Tuesday, February 14, 2012


It’s still as quirky and charming as you remember it to be, but what makes settling in to watch this Criterion Collection edition of the Wes Anderson’s 1998 comedy so cool now is getting a chance to watch the amazing Bill Murray give one of the best performances of his film career. In the movie, Murray plays Herman Blume, a millionaire steel maker whose life is on the skids. He’s got a wife he doesn’t love, children he can’t believe are his and an outlook on life so bleak that if it wasn’t for booze, he’d probably have already killed himself. Then he meets perpetual Rushmore student Max Fischer (Jason Schwartzman) and rediscovers that there’s more to life than drinking and ignoring the people around him. Murray brings such a perfect blend of comedy and pathos to the part that it gives Anderson’s quirky comedy the heart it needs. 

Monday, February 13, 2012

The Rolling Stones Some Girls Live in Texas 1978

Talk about catching lightning in a bottle. When they hit the stage in Texas for this concert, The Rolling Stones didn’t surround themselves with a lot of showy stage sets or pyrotechnics. They didn’t have host of backup musicians playing behind them. It was just the band and a batch of new songs from their latest release. Ten minutes into it, you realize that’s all they needed. The year 1978 was a proving ground for The Rolling Stones, who were feeling the pressure of becoming passé as the punk rock movement came along, so there’s a fierceness to the band’s playing in the show that reminds you how good they could be when they wanted to be. The extras showing them playing on Saturday Night Life are a bit redundant, and the sketch of Jagger being interviewed by Dan Aykroyd as Tom Snider is embarrassing, but the 2011 interview Jagger gives about the show, and the band in 1978, is illuminating.

Sunday, February 12, 2012


If ever a movie needed to come with its own splatter guard, this is it. As anyone who has seen some of his earlier films, like Tokyo Gore Police or The Machine Girl, will tell you, director Yoshihiro Nishimura has never been shy about spraying buckets of blood and gore across the screen. They will also tell you that he does it with such absolute glee that it’s hard to be too horrified by what you see, as long as you’re not too squeamish to begin with. Helldriver takes place in an apocalyptic future where half of Japan has been turned into crazed alien zombies and the other half seem to be addicted to the powder made from the ground horns that sprout from the alien zombie’s foreheads. It’s up to Kika (Yumiko Hara), a beautiful high school girl armed with a chainsaw sword powered by an artificial heart, to save the day by killing the zombie queen Rikka (Eihi Shiina). It’s a wild ride.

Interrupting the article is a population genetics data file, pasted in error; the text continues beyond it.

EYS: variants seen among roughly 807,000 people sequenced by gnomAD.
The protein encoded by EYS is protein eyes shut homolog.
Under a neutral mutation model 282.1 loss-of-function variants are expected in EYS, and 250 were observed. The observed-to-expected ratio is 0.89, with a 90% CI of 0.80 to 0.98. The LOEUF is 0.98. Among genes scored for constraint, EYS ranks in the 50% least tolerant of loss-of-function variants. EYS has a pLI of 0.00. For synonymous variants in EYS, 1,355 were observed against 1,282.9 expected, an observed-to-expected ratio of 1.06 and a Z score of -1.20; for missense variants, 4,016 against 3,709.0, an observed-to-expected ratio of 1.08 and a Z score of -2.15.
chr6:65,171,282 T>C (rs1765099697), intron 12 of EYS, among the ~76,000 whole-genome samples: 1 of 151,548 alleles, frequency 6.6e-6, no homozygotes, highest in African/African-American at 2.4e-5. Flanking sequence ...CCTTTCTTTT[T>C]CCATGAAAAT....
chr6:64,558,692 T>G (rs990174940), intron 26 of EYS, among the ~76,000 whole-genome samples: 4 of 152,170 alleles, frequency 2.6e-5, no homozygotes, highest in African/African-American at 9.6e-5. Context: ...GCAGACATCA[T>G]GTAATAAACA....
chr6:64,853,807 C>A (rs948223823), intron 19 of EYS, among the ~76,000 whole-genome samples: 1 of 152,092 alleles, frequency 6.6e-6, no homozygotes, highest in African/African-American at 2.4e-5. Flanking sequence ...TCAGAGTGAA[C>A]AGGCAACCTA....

Saturday, February 11, 2012

New York Dolls – Lookin’ Fine on Television

The actual quality of the performances captured in this 70s documentary of the legendary New York Dolls is anything but ‘fine,’ but somehow the rawness of the performances, as well as the rawness of the band members in the interview segments, is a perfect match with the music they were making. The Dolls were always a smashup of glamour and trash: it’s hard to be anything else when you’re a six-foot dude from the Staten Island like David Johansen who just happens to put on a dress, heels and a lot of makeup before he steps to the microphone to sing. The best thing about this film, shot by legendary rock photographer Bob Gruen and his wife Nadya, is that it captures The Dolls in the moment just as they were reaching the peak of the new wave they were riding and makes that moment feel as fresh as it did back then.

Friday, February 10, 2012

The Littlest Angel

Unless you have young children, this animated tale from director Dave Kim (Elf Bowling the Movie: The Great North Pole Elf Strike) may be the last thing you would think of sitting down to watch. But don’t let the cute angel and dog on the cover keep you away; it’s actually a fun little film. Based on the best-selling children’s book by Charles Tazewell, it’s the story of a young angel who just can’t seem to stay out of trouble in heaven. Putting his restlessness down to some things he left behind on earth, the Littlest Angel goes back to set things right. Although the film is obviously based on Christian beliefs, the religious aspect of the tale is never hammered home too hard. The end result is a fine film for the family to enjoy no matter what their beliefs may be.

Thursday, February 9, 2012

A Passionate Woman